House freshmen getting electronic tour guide Each will jTC receive a laptop allowing links to key sites

November 10, 1996|By NEW YORK TIMES NEWS SERVICE

When the more than 70 newly elected House members arrive in Washington this week, a cyber-Welcome Wagon will be waiting to help them become familiar with their new jobs.

For the first time, each freshman representative will receive an online primer on how to cope with the initial days of a new Congress and a list showing how to set up a congressional office, order furniture and stationery, and bone up on parliamentary procedures.

House techno-wizards have even photographed the labyrinthine corridors beneath the Capitol and House office buildings and put the pictures on computer "home pages," giving the lawmakers a virtual-reality subterranean tour and helping them avoid becoming lost on the way to that important first committee meeting.

The goal of House administrators is to translate the venerable informal culture of Capitol Hill into an easy-to-follow online checklist to help the newcomers and maybe allow them to serve their constituents more efficiently.

"The freshmen in 1997 will be a little better prepared than in the past," said Richard H. Shapiro, executive director of the Congressional Management Foundation, an organization that helps teach new lawmakers.

"It may not be visible in significant ways. But a freshman congressman should be in position by January to answer mail and deal with casework requests. In the past, that could have taken until March."

The 15 new senators will also have access to information on the Internet. But a comprehensive online orientation is probably two years away, congressional aides said.

The welcome is just one of several changes awaiting at least 71 House Republican and Democratic freshmen -- the fate of potentially several more hinges on the outcomes of undecided races and runoffs -- who will arrive in Washington in advance of their swearing-in Jan. 7.

Freshman orientation has been moved up three weeks, to begin Thursday, mainly to prepare the legislators faster, said Lauren Sims, a spokeswoman for House Speaker Newt Gingrich of Georgia.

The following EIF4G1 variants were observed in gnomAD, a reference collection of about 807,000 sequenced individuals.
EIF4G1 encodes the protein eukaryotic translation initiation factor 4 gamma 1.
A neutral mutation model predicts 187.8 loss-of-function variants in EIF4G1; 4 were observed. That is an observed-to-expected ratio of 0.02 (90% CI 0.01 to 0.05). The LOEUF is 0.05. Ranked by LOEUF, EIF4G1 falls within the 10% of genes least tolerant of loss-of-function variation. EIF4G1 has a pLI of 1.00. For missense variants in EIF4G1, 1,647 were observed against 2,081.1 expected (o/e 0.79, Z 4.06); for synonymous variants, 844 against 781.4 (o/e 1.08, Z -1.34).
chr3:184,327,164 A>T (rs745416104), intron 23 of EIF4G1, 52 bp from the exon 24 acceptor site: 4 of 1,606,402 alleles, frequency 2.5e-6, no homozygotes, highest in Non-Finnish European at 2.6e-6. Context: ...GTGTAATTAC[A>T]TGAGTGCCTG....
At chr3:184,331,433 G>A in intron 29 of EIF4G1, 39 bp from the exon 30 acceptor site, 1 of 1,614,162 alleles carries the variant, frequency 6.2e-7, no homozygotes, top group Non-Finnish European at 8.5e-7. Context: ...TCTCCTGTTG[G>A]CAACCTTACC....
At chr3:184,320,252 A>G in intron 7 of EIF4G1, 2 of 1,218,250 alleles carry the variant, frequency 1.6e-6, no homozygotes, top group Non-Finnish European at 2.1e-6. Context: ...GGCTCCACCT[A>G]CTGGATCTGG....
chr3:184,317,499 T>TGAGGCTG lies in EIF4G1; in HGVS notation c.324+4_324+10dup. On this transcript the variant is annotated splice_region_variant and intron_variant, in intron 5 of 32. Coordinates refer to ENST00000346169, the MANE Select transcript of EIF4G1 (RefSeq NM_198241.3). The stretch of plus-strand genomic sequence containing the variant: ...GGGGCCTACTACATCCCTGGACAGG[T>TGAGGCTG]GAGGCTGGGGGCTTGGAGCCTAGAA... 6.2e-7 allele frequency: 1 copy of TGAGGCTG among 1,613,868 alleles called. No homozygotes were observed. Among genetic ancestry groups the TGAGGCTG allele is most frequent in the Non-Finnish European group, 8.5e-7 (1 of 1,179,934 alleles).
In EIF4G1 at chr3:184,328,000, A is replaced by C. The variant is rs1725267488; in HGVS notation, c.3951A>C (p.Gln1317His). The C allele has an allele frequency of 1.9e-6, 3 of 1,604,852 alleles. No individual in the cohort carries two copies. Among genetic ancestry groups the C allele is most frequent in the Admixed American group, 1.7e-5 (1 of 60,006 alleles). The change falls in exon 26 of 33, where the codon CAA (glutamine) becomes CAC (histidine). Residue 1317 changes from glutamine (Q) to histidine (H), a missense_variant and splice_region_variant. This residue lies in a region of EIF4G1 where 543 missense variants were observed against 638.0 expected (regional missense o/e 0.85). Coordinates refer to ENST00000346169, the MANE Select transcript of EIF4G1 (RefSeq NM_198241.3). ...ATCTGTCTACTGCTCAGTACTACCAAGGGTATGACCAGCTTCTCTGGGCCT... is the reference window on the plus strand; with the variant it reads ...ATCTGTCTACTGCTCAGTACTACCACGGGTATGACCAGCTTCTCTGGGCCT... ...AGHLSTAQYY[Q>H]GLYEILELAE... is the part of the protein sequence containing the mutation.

The House Oversight Committee is providing each freshman with a laptop computer loaded with access to the World Wide Web and House home pages, so the freshmen can take the machines home over the holidays and study before the 105th Congress starts.

Much of the information on the home pages has been available from published manuals and first-day handouts or from longtime aides. But the new computer format aims to appeal to incoming members who are more likely to have used computers than previous freshman classes.

"That, of course, is the big assumption," Shapiro said. "Will these new members and their aides use the new technology?"

House administrators bet that they will. More than half the members of the 104th Congress had home pages, and the House, in particular, is pushing ahead with internal computer systems and Internet links.

Much of the new online information is mundane but essential. "It's things like who do you call to get a pencil or have a computer hooked up in your office," said Benjamin S. Lusby, a top aide to the chief administrative officer of the House, who is overseeing the new effort.

With a few taps on their keyboards, lawmakers or their aides will be able to find out how to obtain passports, where the nearest postage-stamp counters are or how to set up office payrolls. Some information bases, such as the Congressional Research Service's home page, are already in operation and only had to be organized with the new sites.

Members interested in holding receptions can call up an inventory of Capitol banquet rooms. The Web site will show the room's dimensions, its capacity, the date it was last renovated and even a picture of the space.

Lawmakers can browse in the House gift shop from their computers: House of Representatives trivets, $21 each, and House golf balls, $5.82 for a package of three.

The sites include area restaurant and real-estate listings and an employment board for family members seeking jobs.

And if lawmakers and their aides still run into problems -- or get cold feet about using the new technology -- the House has assigned each legislator a trouble-shooter for the first few months in office.

"We're trying," Lusby said, "to do everything we can to make theirs an easy transition from successful candidate to successful member."

Pub Date: 11/10/96

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